Although I don’t adhere to a strict macrobiotic diet, I definitely resonate with the idea of having our diets align with the rhythms and cycles of nature and the seasons. In macrobiotic philosophy, spring is the time move away from warming, stick-to-your-ribs food towards more fresh, raw food – particularly salad.
Since I’m personally not a huge fan of salads, and unlike macrobiotic proponents, I do believe in the power of juicing, I have my own formula for transitioning into a more alkaline diet in spring. I continue to mostly eat meals that contain a balance of vegan protein (nuts and legumes), gluten-free whole grains, and cooked vegetables, but I also consume more green juice, which floods my body with alkaline energy and gets my raw quota in there.
During the week, I get my juice from Juice Press, Organic Avenue, or Suja [sold at Whole Foods]. When I have more time on the weekends, I make this juice for which is very detoxifying and helps to shed any extra weight accumulated over the winter. It includes:
Cucumbers – Very hydrating; loaded with vitamin A, which is crucial for eye health; aids with digestion and weight control
Swiss Chard – Superior source of vitamins A, C, and K, magnesium, iron, potassium and fiber
Parsley – Powerful detoxifier rich in vitamins A, C, and K, and folic acid. In Ayurveda (traditional holistic medicine philosophy based in India), parsley is incorporated into meals during the spring to help with appetite control and weight loss
Granny Smith Apple – Lower on glycemic index than other fruits; prevents digestive disorders; high in vitamins A and C and flavanoids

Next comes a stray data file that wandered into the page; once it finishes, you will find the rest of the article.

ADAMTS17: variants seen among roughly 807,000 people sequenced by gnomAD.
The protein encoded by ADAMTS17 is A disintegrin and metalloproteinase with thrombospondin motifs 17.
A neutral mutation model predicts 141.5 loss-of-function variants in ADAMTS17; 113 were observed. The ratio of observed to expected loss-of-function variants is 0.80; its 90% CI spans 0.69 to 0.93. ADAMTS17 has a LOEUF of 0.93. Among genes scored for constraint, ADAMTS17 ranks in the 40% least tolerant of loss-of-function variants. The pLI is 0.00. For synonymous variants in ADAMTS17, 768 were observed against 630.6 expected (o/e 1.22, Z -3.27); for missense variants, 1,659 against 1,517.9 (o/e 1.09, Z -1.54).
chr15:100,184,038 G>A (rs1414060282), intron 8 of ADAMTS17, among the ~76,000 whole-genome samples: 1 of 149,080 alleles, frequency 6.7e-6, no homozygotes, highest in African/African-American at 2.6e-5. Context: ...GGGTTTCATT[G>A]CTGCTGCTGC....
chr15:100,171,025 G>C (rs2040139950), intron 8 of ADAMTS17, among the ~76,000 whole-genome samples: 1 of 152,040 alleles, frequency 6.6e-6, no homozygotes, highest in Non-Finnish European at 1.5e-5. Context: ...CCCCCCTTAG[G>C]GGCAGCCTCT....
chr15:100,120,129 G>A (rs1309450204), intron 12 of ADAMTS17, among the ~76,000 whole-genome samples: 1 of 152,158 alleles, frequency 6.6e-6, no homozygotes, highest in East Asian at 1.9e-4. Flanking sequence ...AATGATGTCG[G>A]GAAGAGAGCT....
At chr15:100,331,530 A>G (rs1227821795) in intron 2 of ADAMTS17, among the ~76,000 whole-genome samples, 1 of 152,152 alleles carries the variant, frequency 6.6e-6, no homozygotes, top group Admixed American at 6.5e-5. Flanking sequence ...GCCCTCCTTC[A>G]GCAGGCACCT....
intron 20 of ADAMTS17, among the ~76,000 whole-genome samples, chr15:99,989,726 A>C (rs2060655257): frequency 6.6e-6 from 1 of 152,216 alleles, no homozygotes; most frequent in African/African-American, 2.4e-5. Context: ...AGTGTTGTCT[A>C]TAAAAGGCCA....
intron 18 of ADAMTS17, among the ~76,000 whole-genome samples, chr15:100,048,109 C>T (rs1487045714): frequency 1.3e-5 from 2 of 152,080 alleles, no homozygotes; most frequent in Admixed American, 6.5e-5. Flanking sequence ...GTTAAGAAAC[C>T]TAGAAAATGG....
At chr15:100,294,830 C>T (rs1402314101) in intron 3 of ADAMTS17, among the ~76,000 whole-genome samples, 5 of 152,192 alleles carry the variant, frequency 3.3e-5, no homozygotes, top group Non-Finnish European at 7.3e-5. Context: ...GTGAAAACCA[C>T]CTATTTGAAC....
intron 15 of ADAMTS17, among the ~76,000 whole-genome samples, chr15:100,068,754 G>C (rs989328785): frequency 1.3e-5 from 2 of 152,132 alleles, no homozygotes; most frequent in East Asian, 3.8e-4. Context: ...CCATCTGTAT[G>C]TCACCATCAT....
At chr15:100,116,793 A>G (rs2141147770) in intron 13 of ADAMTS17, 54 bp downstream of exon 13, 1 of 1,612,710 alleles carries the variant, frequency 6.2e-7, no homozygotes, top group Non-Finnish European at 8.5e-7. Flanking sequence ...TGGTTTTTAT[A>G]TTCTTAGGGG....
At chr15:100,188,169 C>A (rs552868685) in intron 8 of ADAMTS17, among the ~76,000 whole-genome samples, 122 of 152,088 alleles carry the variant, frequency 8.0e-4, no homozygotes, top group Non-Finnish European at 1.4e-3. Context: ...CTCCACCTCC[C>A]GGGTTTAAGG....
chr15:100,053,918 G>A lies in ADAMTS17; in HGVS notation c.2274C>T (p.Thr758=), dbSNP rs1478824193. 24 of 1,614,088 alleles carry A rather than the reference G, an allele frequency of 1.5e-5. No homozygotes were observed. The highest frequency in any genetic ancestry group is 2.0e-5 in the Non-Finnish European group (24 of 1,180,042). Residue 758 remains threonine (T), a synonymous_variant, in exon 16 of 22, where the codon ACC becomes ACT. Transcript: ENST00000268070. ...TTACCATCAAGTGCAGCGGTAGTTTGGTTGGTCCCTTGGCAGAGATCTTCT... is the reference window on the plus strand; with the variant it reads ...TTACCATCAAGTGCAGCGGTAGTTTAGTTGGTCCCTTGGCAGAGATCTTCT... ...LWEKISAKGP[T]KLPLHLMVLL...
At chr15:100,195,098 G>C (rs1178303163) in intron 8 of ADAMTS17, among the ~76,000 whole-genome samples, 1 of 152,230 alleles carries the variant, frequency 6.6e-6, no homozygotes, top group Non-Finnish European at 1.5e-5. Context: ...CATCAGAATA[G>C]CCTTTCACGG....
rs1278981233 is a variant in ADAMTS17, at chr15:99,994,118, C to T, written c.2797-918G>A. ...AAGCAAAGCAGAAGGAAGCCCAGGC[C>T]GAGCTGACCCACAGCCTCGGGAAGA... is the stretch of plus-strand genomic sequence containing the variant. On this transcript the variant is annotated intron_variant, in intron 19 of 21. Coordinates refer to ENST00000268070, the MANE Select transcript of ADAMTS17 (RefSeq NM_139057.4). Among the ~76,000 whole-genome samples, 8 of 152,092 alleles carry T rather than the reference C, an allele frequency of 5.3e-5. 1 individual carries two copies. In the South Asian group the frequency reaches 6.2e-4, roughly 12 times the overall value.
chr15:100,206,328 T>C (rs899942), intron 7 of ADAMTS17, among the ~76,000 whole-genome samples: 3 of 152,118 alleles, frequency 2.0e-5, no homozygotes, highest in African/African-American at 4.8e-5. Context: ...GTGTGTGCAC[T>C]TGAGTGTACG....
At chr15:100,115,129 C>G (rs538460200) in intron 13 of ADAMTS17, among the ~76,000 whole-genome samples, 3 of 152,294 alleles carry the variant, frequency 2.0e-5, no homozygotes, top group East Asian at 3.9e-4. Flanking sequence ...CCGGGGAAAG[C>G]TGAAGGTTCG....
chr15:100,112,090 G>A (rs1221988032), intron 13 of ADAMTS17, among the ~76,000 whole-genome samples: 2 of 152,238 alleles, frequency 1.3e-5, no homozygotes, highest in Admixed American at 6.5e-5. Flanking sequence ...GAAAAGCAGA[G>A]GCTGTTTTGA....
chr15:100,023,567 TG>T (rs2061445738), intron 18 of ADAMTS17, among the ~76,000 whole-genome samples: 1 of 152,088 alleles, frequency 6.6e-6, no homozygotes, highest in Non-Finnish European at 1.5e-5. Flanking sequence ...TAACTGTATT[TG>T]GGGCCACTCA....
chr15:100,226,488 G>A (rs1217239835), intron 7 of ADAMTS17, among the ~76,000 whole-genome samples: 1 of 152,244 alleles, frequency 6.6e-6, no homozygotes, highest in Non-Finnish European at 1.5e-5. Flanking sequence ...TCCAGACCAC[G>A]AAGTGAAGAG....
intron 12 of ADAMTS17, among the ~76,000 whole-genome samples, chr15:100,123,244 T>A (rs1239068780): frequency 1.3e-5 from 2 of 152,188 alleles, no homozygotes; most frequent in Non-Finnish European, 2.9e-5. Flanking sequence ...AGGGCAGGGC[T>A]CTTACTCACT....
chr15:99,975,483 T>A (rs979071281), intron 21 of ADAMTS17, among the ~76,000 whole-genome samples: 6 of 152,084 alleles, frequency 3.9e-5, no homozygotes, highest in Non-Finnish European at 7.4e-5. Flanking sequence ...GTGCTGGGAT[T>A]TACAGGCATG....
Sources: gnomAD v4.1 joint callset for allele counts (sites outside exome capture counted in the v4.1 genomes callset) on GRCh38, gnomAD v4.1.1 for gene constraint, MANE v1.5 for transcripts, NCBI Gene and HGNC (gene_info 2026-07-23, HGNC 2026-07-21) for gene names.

Lemon – Rich with Vitamin C; antibacterial and antiviral; immune system booster; can help prevent acne
Ginger – Anti-inflammatory; clears up sinuses and settles stomach; immune system booster; helps to control appetite
- 2 Cucumbers
- 1 Handful Parsley
- 5 Swiss Chard or Kale leaves
- 3/4 to 1 Granny Smith Apple
- 1 Lemon (include the rind)
- 1″ to 3″ Ginger (depending on how much heat you like)
Juicing for newbies
Some people shy away from juicing because they think they’ll have to invest in a super-fancy machine that they’ll never use. But it’s not necessary to have an expensive juicer to get the job done. There are some great juicers at Amazon that are reasonably-priced, just make sure you read the reviews. I use a Jack LaLanne Juicer which I got 4 years ago and it has been a great investment. Breville and Omega are also said to make excellent quality value-priced juicers.
Yes, juicing can be a bit of an operation. You have to plan ahead, wash the vegetables, juice, and then clean your juicer. In total, it usually takes me about 15 minutes. But as with cooking, juicing doesn’t have to be a pain – just relax, get some good music going, and have fun with it!
The benefits of juicing far outweigh the time and money required. These include weight loss, more energy and overall vitality, improved appearance, youthful glow, disease prevention, and more. To learn more about juicing, check out The Ultimate Book of Modern Juicing by Mimi Kirk.